Think carefully before securing any other debts against your home - it could be repossessed if you don't keep up repayments on a mortgage or other debt secured on it.
You can remortgage if you’re on a fixed rate deal, but you’ll probably have to pay an early repayment charge. These can be pretty steep, sometimes in the thousands of pounds, so you’ll need to weigh up whether your new mortgage is worth the high charges.
It’s sometimes better to wait until your fixed rate deal’s ended before getting another mortgage. If you’re looking to change while still in your current deal, you should speak to a Mortgage Expert to find out your options.
Remortgaging can be quicker than the first time around. Generally, you can expect the whole process to take around four to six weeks. If you don’t have any issues like bad credit or complex income then it could be even faster.
A good way to speed up the process is to get all your paperwork ready ahead of time. A mortgage broker can help you do this, and they’ll be able to recommend the lenders most likely to accept you. If you have bad credit history or a complex income then it’s especially important to get help from an advisor. Our Mortgage Experts have seen it all. Make an enquiry to find out your options.
There’s a few costs you’ll need to consider before remortgaging:
You’ll need to pay your lender a fee for setting up your new mortgage. What you’ll pay will depend on the type of mortgage and which lender you go to. You can either pay the fee upfront or add it to your mortgage.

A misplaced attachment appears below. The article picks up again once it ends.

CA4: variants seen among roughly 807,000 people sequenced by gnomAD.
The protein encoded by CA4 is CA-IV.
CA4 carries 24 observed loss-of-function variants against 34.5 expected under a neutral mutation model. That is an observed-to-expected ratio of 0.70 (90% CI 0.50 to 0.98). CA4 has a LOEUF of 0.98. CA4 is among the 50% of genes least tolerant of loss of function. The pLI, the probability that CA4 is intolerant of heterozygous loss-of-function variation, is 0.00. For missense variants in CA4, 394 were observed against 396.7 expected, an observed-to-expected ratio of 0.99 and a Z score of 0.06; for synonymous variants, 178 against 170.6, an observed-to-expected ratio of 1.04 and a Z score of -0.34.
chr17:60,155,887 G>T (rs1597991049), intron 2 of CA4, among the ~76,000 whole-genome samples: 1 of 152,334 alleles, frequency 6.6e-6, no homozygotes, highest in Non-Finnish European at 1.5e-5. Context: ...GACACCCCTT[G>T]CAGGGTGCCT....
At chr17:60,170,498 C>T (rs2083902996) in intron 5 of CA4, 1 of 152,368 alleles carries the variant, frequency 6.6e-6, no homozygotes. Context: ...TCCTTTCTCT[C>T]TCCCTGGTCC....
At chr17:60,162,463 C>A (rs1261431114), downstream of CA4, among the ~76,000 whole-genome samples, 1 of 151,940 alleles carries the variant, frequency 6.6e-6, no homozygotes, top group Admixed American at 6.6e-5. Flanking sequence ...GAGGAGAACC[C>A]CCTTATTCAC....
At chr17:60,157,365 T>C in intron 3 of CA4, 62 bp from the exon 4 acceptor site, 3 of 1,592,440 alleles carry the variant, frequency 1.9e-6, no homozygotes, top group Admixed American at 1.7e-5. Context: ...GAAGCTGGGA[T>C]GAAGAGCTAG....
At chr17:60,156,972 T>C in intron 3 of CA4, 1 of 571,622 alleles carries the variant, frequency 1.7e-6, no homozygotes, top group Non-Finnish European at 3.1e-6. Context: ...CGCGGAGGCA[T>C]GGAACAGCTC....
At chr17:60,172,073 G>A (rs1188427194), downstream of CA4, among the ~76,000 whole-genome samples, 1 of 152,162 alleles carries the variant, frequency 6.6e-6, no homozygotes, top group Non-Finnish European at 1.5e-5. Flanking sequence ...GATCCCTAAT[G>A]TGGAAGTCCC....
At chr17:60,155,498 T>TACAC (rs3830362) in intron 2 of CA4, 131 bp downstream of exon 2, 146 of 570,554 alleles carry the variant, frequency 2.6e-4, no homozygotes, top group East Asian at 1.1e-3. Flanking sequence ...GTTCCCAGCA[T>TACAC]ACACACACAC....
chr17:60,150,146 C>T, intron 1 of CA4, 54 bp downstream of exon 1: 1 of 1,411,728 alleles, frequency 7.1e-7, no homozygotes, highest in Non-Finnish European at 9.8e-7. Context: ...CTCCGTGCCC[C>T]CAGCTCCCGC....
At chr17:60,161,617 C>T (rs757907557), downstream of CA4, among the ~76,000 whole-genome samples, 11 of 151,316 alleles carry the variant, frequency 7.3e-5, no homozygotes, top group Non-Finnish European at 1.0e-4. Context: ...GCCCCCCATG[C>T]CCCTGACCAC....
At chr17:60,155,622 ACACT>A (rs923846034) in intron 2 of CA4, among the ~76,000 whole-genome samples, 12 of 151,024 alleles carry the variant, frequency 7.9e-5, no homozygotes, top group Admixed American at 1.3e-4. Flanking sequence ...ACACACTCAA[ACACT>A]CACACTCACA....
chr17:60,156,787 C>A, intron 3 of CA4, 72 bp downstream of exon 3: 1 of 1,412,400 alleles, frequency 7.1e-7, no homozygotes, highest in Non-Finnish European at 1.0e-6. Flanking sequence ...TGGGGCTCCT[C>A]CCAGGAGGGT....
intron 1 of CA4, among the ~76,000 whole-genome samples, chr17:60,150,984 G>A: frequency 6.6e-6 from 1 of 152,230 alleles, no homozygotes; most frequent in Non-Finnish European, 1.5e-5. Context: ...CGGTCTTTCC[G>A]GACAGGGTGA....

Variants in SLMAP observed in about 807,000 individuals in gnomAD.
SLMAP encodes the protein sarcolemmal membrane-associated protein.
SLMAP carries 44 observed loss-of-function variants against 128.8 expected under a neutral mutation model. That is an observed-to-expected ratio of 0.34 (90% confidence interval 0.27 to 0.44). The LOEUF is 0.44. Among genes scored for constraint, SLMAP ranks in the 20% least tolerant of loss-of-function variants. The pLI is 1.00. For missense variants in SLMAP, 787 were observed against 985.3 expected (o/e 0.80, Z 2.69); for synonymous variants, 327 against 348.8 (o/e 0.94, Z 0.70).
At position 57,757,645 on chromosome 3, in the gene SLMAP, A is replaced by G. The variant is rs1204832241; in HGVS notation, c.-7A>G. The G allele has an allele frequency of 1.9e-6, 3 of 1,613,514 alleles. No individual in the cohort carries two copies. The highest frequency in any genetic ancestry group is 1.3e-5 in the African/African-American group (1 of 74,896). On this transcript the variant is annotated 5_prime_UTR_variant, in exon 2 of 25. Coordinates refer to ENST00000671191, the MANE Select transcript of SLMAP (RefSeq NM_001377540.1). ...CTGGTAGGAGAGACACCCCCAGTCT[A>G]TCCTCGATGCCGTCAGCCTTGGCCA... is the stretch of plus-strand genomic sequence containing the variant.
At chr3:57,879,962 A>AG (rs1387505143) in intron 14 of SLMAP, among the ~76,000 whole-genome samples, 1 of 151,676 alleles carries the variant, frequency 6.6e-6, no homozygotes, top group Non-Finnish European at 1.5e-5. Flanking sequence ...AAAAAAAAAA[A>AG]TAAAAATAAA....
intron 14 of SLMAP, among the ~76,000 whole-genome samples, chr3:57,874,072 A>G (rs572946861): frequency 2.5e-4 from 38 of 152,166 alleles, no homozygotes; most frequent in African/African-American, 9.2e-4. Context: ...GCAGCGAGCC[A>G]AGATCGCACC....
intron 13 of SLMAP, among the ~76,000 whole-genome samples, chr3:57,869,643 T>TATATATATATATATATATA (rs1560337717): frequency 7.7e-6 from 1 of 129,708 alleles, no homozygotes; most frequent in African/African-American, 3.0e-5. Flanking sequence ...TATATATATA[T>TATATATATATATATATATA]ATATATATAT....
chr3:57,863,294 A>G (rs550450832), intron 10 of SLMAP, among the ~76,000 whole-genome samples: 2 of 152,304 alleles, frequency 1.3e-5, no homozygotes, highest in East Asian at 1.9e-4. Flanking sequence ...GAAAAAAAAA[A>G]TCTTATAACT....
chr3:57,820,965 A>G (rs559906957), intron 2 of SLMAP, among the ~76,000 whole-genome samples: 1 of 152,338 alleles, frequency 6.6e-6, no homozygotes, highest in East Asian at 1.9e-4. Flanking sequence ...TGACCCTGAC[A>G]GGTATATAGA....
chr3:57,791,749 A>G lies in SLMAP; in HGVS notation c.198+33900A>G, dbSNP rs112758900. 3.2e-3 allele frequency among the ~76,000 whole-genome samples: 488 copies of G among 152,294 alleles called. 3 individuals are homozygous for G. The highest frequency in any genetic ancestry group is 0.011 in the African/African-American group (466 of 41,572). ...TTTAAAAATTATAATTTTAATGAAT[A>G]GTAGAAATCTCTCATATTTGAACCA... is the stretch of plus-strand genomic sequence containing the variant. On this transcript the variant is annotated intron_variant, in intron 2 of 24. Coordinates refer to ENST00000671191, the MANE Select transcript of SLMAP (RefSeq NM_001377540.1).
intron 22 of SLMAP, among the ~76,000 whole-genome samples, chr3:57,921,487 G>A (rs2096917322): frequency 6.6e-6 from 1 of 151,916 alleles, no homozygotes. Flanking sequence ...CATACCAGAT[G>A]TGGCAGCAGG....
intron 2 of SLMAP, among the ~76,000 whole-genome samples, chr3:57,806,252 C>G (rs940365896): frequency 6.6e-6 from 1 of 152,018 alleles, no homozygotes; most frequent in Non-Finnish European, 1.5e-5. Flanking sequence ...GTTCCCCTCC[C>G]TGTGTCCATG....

Not every lender will charge this, but some will need a booking fee along with your arrangement fee. It’s normally a non-refundable upfront cost of around £100-£200. When hunting for deals, make sure you check for this charge.
You’ll need a solicitor - also known as a conveyancer - to sort out the legal stuff for your remortgage. Typically, the fees for a remortgage are less than if you were buying or selling a home as there’s less work involved. Some mortgage deals come with free legal work, so it’s worth shopping around.
Not all remortgages will need you to get a valuation, but if you’re going with a new lender then it’s likely they’ll ask for one. They do this to be assured of your home’s worth, as it’s technically an investment for them. Some mortgage deals come with a free valuation, but if not then you’ll have to pay for it.
Early repayment charge